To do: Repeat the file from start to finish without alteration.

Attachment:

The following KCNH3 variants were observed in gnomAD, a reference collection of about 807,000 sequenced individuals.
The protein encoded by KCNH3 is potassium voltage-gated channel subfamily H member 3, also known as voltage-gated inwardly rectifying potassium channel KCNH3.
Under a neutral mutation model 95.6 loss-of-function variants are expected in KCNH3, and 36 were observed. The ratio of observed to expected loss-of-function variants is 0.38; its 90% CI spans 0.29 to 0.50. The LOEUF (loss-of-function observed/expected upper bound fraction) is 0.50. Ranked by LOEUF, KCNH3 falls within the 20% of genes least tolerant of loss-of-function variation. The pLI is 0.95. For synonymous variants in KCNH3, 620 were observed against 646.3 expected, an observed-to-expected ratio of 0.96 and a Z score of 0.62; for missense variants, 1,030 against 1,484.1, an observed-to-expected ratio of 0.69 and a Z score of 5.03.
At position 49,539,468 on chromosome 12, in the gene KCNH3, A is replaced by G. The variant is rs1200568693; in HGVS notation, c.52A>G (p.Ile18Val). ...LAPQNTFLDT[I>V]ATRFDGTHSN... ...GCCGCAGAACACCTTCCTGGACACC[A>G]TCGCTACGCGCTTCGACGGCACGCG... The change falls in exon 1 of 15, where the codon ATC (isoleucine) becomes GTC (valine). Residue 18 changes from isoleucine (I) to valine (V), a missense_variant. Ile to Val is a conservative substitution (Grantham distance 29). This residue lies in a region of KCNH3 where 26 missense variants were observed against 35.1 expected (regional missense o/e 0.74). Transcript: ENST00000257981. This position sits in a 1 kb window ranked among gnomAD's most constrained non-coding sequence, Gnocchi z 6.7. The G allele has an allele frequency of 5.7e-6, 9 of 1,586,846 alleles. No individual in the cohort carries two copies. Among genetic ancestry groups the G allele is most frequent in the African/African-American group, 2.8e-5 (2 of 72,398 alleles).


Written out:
The following KCNH3 variants were observed in gnomAD, a reference collection of about 807,000 sequenced individuals.
The protein encoded by KCNH3 is potassium voltage-gated channel subfamily H member 3, also known as voltage-gated inwardly rectifying potassium channel KCNH3.
Under a neutral mutation model 95.6 loss-of-function variants are expected in KCNH3, and 36 were observed. The ratio of observed to expected loss-of-function variants is 0.38; its 90% CI spans 0.29 to 0.50. The LOEUF (loss-of-function observed/expected upper bound fraction) is 0.50. Ranked by LOEUF, KCNH3 falls within the 20% of genes least tolerant of loss-of-function variation. The pLI is 0.95. For synonymous variants in KCNH3, 620 were observed against 646.3 expected, an observed-to-expected ratio of 0.96 and a Z score of 0.62; for missense variants, 1,030 against 1,484.1, an observed-to-expected ratio of 0.69 and a Z score of 5.03.
At position 49,539,468 on chromosome 12, in the gene KCNH3, A is replaced by G. The variant is rs1200568693; in HGVS notation, c.52A>G (p.Ile18Val). ...LAPQNTFLDT[I>V]ATRFDGTHSN... ...GCCGCAGAACACCTTCCTGGACACC[A>G]TCGCTACGCGCTTCGACGGCACGCG... The change falls in exon 1 of 15, where the codon ATC (isoleucine) becomes GTC (valine). Residue 18 changes from isoleucine (I) to valine (V), a missense_variant. Ile to Val is a conservative substitution (Grantham distance 29). This residue lies in a region of KCNH3 where 26 missense variants were observed against 35.1 expected (regional missense o/e 0.74). Transcript: ENST00000257981. This position sits in a 1 kb window ranked among gnomAD's most constrained non-coding sequence, Gnocchi z 6.7. The G allele has an allele frequency of 5.7e-6, 9 of 1,586,846 alleles. No individual in the cohort carries two copies. Among genetic ancestry groups the G allele is most frequent in the African/African-American group, 2.8e-5 (2 of 72,398 alleles).